September 5, 2020

A Moment in History with the Southern Resident Killer Whales

Southern Resident Killer Whales Swim into the Salish Sea

Olivia | M/V Sea Lion | September 5th, 2020 | 13:30

Leaving Friday Harbor and setting out south to find whales, we had no idea we would be part of such a unique moment in history. We started the long trek through the Strait of Juan de Fuca with Mount Baker peering down at us and Harbor Porpoise swimming in every direction we looked. Just shy of two hours later [so proud of our patient passengers!] we came across the south western corner of the United States border when we started seeing multiple black dorsal fins of killer whales. These were not just any killer whales though; these were the critically endangered [and rarely seen in recent history] Southern Resident Killer Whales. It is an absolute delight to see Southern Residents in any number, but the craziest part was that there were more than 30 in the area, and more on their way. We had J Pod as well as L and K Pod all socializing together.

This ecotype of killer whale is famously known for giving the San Juan Island westside the reputation of having the greatest chances of seeing orca offshore, since historically, they were in our waters almost daily foraging on salmon [hence the name “resident”]. With a heavy decline in Chinook Salmon specifically, the Southern Resident Killer Whales began to starve and plummet in numbers, while also traveling way out of their historical distribution trying to find food. This lack of food has caused a snowball of effects such as a high infant mortality rate. Most recently, this ecotype became famous with the news of J35 carrying around her deceased calf for 17 days in our waters a couple years ago. This made global headlines, as I heard about this while living in New Zealand. It was devastating and heartbreaking, but also brought awareness to their conservation and how our negative human actions on habitats and wildlife spread like wildfire impacting more than just one species. The uplifting news was that in July when J Pod visited our waters, researchers discovered that she was once again pregnant- YAY!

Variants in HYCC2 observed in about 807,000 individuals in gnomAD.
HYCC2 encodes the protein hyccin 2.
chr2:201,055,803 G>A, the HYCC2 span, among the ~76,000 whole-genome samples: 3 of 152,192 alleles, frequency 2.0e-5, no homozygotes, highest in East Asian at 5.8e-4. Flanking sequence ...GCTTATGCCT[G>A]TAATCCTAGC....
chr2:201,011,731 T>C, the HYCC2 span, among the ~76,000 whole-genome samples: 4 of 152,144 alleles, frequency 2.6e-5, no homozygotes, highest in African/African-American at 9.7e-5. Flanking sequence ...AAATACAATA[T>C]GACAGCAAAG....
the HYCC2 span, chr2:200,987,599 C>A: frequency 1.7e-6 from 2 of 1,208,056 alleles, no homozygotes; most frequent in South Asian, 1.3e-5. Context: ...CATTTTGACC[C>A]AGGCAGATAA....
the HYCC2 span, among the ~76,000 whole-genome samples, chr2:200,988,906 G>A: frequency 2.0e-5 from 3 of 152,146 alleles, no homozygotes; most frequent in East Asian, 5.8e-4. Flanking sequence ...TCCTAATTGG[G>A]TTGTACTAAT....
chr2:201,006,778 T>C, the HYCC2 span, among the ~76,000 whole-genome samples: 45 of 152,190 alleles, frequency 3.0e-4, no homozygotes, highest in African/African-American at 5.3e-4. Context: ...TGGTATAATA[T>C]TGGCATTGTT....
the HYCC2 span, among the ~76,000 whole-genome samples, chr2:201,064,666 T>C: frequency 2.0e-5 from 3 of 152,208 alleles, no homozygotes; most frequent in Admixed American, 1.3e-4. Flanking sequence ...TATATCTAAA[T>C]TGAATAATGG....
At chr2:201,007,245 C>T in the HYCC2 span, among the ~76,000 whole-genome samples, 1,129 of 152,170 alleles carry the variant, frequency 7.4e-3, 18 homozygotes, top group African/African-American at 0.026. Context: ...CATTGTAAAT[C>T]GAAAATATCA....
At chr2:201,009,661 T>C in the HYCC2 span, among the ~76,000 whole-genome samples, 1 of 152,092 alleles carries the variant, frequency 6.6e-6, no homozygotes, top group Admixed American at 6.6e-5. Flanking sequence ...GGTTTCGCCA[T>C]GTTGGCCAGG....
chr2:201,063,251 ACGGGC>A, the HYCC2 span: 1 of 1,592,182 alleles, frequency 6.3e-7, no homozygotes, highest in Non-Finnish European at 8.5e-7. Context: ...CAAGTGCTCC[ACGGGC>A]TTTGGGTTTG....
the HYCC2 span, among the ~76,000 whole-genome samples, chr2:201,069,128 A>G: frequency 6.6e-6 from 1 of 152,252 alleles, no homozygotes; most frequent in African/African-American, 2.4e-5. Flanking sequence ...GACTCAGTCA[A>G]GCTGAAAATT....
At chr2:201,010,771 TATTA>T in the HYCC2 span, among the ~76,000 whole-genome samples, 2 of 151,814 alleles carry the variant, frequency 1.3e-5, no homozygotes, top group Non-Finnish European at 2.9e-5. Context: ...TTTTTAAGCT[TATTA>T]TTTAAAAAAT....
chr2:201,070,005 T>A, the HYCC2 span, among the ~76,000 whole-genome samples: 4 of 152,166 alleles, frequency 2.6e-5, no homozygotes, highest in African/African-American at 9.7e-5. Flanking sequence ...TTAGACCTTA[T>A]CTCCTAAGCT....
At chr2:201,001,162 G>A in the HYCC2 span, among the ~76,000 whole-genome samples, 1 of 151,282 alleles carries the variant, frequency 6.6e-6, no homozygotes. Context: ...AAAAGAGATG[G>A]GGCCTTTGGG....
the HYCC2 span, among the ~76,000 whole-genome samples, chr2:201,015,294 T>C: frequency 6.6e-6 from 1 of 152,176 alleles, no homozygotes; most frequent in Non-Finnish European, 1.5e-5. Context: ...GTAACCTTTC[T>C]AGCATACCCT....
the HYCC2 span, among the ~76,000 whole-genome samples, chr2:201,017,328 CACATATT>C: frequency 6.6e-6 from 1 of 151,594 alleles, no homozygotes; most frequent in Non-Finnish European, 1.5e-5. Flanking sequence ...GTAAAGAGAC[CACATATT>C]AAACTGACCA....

We dive into this topic on all our wildlife trips to spread awareness on the importance of a healthy ecosystem, but most strongly educate this topic on the rare moments we are blessed to see this ecotype specifically. There is nothing like viewing them in the flesh, listen and watching them breath, realizing these behaviors would be happening with or without us watching; that there is no one telling them what to do or where to be, and ultimately forming a connection. Sir David Attenborough once said, “No one will protect what they don’t care about; and no one will care about what they have never experienced.” This insight touches on the key threat to our conservation efforts on the natural world. Now don’t be alarmed, we are not just bombarding folks with dreadful news the entire time, we also educate heavily on what are thought to be the most intelligent species in the entire world, as well as taking a lot of conscious moments to simply watch and take it in- even better on these GORGEOUS days!

As we were starting to depart, the craziest thing happened. We saw a newborn calf- less than 24 hours old, still flaunting a squished dorsal fin and fetal folds from being in the womb. Fast forward, this was none other than J35’s brand new calf! WHAT!? This put the entire trip into perspective. We know that the Southern Resident Killer Whales are often viewed breaching, lobtailing, cartwheeling, rolling, spy hopping, and pectoral slapping; however, they were celebrating! We watched as J Pod came into our waters the day before; can we assume J35 returned to give birth in her historical home territory? Is that why L and K Pod reunited here to form a super pod- to celebrate the successful birth of another Southern Resident Killer Whale!? Lastly, how did they KNOW when this ecotype does not always travel as a super pod? So many questions flooded our minds and boggling them as well, as we realized the moment in history we were involved in. SO many tears were shed within the Pacific Whale Watch Association and for whale enthusiasts alike. This is resilience.

Welcome to the world, J57- we are rooting for your safety and survival. Cheers to a current count of 73 Southern Resident Killer Whales!

I am so proud of our passengers for being such troopers on this long haul to see killer whales, but we were fortunate enough to provide them with an opportunity of a lifetime in seeing not only our beloved Killer Whale that made the islands famous, but currently one of the rarest ecotypes. We thought it was worth it! And not to mention- a MOMENT in history that will never be forgotten. How special and unique for all of us to be there when that happened and when this new calf was first discovered. Now while this was exciting to add one more whale to the mix, infant mortality is still high with such a lack of food. We need to celebrate these moments, while not losing sight of the fight to save them.

Remember- No Fish, No Blackfish.